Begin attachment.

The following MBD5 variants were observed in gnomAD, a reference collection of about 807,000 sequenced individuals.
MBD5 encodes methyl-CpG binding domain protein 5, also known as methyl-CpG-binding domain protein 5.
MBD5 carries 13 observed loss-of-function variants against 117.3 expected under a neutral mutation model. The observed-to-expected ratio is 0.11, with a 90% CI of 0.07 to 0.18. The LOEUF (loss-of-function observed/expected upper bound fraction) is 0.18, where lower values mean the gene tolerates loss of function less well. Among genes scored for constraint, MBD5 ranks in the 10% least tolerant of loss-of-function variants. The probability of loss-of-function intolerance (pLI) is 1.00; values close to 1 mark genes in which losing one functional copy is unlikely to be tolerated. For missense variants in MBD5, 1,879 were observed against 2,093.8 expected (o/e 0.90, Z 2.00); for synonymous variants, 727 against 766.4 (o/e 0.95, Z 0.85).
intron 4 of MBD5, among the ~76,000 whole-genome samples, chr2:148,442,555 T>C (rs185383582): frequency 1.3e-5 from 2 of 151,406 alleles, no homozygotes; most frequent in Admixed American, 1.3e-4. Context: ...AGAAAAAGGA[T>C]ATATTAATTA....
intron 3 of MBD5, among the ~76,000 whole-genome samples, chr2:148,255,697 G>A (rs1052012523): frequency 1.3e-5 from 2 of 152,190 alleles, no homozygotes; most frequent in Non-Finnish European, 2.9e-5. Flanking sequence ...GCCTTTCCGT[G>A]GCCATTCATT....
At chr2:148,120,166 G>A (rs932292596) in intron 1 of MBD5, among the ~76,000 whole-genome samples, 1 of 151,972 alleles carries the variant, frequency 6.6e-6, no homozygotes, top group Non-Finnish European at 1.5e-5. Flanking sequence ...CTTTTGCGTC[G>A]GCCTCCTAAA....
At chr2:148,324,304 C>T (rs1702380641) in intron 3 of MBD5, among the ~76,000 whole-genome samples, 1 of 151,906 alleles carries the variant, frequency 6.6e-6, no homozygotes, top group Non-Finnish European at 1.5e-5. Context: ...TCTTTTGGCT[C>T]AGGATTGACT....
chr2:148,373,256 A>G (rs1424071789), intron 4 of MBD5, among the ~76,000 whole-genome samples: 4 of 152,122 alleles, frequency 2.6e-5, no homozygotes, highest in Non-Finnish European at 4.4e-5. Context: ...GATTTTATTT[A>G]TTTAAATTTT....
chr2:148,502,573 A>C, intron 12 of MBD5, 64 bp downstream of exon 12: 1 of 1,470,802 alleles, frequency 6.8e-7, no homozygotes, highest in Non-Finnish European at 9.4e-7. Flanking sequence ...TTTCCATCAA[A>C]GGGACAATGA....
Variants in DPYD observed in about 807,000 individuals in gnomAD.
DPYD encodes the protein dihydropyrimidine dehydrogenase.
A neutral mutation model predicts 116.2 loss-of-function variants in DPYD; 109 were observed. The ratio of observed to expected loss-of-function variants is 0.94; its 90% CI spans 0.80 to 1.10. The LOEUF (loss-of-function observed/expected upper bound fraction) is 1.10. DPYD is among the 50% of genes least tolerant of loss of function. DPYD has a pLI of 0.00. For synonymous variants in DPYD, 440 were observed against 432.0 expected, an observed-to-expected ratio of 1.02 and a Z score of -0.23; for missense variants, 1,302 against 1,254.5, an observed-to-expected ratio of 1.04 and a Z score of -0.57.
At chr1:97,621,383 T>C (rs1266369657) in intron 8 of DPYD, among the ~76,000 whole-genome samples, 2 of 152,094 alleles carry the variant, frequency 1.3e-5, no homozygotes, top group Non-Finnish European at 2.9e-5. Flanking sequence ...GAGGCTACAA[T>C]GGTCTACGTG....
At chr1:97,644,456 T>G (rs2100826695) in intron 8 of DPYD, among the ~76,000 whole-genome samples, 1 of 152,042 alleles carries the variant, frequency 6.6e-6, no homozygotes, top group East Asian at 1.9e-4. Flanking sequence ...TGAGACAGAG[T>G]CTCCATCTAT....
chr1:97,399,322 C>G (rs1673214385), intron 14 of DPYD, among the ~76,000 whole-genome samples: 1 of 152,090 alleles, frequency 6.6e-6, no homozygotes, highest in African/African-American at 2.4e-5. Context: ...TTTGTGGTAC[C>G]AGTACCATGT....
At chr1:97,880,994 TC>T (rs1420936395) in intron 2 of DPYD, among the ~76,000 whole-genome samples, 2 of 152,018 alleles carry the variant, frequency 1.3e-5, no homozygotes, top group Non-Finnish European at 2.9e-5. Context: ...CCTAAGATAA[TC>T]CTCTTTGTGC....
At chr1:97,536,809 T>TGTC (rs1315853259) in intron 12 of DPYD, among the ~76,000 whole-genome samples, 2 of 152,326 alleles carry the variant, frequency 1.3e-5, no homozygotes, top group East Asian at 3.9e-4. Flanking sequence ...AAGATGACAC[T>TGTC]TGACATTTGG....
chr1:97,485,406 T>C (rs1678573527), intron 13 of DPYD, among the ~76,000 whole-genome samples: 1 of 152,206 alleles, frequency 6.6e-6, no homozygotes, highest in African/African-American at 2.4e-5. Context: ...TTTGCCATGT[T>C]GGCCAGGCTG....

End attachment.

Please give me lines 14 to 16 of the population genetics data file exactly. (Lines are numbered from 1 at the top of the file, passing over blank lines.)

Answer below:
At chr1:97,644,456 T>G (rs2100826695) in intron 8 of DPYD, among the ~76,000 whole-genome samples, 1 of 152,042 alleles carries the variant, frequency 6.6e-6, no homozygotes, top group East Asian at 1.9e-4. Flanking sequence ...TGAGACAGAG[T>G]CTCCATCTAT....
chr1:97,399,322 C>G (rs1673214385), intron 14 of DPYD, among the ~76,000 whole-genome samples: 1 of 152,090 alleles, frequency 6.6e-6, no homozygotes, highest in African/African-American at 2.4e-5. Context: ...TTTGTGGTAC[C>G]AGTACCATGT....
At chr1:97,880,994 TC>T (rs1420936395) in intron 2 of DPYD, among the ~76,000 whole-genome samples, 2 of 152,018 alleles carry the variant, frequency 1.3e-5, no homozygotes, top group Non-Finnish European at 2.9e-5. Context: ...CCTAAGATAA[TC>T]CTCTTTGTGC....